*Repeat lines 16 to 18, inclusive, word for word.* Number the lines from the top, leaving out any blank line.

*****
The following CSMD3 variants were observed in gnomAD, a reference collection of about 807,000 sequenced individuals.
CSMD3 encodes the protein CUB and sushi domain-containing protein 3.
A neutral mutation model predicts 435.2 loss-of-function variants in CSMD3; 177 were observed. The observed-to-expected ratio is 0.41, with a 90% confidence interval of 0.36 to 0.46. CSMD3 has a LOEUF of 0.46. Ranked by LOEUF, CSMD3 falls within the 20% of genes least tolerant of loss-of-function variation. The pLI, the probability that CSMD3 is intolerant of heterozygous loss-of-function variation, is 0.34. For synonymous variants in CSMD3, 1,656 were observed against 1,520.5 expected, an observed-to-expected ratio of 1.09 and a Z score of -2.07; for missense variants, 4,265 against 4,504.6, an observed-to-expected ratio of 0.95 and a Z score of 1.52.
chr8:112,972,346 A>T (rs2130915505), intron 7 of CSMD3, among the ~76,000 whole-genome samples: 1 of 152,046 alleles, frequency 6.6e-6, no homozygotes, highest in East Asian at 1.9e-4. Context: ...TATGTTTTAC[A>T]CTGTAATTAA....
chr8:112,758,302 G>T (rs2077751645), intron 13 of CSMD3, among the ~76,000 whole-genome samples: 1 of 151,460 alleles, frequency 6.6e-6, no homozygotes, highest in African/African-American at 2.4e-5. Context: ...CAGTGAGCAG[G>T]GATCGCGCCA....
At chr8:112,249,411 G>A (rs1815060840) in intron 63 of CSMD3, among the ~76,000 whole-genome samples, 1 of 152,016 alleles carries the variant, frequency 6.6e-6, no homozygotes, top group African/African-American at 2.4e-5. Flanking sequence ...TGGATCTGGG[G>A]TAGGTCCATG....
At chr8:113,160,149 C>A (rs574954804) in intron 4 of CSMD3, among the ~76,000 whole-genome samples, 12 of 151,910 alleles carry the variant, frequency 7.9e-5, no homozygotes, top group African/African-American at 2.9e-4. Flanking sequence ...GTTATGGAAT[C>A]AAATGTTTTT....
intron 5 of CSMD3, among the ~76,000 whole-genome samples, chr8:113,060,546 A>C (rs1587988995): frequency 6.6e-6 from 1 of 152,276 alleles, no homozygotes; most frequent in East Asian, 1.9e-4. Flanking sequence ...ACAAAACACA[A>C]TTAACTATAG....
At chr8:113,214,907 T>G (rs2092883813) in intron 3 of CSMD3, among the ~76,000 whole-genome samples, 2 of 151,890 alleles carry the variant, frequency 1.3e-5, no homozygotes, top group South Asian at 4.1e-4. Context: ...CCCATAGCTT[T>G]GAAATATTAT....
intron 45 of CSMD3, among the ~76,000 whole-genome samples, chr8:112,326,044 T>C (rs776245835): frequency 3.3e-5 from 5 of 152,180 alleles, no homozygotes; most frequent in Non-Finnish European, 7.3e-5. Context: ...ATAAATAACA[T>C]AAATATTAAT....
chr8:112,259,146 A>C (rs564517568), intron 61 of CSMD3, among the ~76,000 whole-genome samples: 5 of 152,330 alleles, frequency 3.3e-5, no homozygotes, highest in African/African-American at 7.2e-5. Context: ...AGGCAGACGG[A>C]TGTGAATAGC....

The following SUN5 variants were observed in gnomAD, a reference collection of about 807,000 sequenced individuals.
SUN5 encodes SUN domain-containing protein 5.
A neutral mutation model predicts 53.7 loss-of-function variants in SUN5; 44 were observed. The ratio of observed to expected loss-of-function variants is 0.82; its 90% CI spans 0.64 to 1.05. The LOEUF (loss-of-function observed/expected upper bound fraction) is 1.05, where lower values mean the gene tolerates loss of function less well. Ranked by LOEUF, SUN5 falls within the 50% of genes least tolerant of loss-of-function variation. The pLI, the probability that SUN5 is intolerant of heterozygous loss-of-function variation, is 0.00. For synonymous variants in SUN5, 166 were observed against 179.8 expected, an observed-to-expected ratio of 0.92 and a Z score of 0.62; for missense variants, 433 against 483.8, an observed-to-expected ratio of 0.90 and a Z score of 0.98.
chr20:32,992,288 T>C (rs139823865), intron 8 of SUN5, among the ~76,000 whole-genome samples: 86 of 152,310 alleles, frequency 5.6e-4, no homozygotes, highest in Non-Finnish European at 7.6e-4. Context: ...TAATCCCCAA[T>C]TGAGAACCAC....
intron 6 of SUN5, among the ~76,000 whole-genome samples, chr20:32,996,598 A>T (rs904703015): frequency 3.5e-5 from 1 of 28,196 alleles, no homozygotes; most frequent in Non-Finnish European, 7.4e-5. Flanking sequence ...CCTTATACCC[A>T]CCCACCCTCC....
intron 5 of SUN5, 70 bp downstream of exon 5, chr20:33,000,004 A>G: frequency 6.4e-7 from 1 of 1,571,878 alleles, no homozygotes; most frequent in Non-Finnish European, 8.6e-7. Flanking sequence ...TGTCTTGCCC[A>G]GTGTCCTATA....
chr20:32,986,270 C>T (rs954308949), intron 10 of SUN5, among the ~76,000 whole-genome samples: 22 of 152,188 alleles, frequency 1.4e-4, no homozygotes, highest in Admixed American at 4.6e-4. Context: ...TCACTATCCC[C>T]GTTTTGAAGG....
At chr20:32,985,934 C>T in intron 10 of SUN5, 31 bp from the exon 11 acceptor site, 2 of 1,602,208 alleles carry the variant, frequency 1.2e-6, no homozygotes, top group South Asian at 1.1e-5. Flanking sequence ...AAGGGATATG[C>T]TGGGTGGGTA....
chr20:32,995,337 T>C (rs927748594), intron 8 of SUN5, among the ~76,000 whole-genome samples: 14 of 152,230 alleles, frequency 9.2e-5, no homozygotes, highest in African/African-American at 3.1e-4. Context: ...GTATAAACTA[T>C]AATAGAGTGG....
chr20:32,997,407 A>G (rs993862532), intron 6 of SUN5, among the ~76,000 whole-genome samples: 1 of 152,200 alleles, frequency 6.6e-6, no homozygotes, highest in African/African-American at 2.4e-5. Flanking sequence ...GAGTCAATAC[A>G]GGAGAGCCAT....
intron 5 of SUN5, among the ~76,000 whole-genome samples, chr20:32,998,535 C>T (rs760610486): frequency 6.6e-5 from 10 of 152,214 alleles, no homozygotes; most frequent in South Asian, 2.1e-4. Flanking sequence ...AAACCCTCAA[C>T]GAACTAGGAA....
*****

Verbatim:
intron 6 of SUN5, among the ~76,000 whole-genome samples, chr20:32,996,598 A>T (rs904703015): frequency 3.5e-5 from 1 of 28,196 alleles, no homozygotes; most frequent in Non-Finnish European, 7.4e-5. Flanking sequence ...CCTTATACCC[A>T]CCCACCCTCC....
intron 5 of SUN5, 70 bp downstream of exon 5, chr20:33,000,004 A>G: frequency 6.4e-7 from 1 of 1,571,878 alleles, no homozygotes; most frequent in Non-Finnish European, 8.6e-7. Flanking sequence ...TGTCTTGCCC[A>G]GTGTCCTATA....
chr20:32,986,270 C>T (rs954308949), intron 10 of SUN5, among the ~76,000 whole-genome samples: 22 of 152,188 alleles, frequency 1.4e-4, no homozygotes, highest in Admixed American at 4.6e-4. Context: ...TCACTATCCC[C>T]GTTTTGAAGG....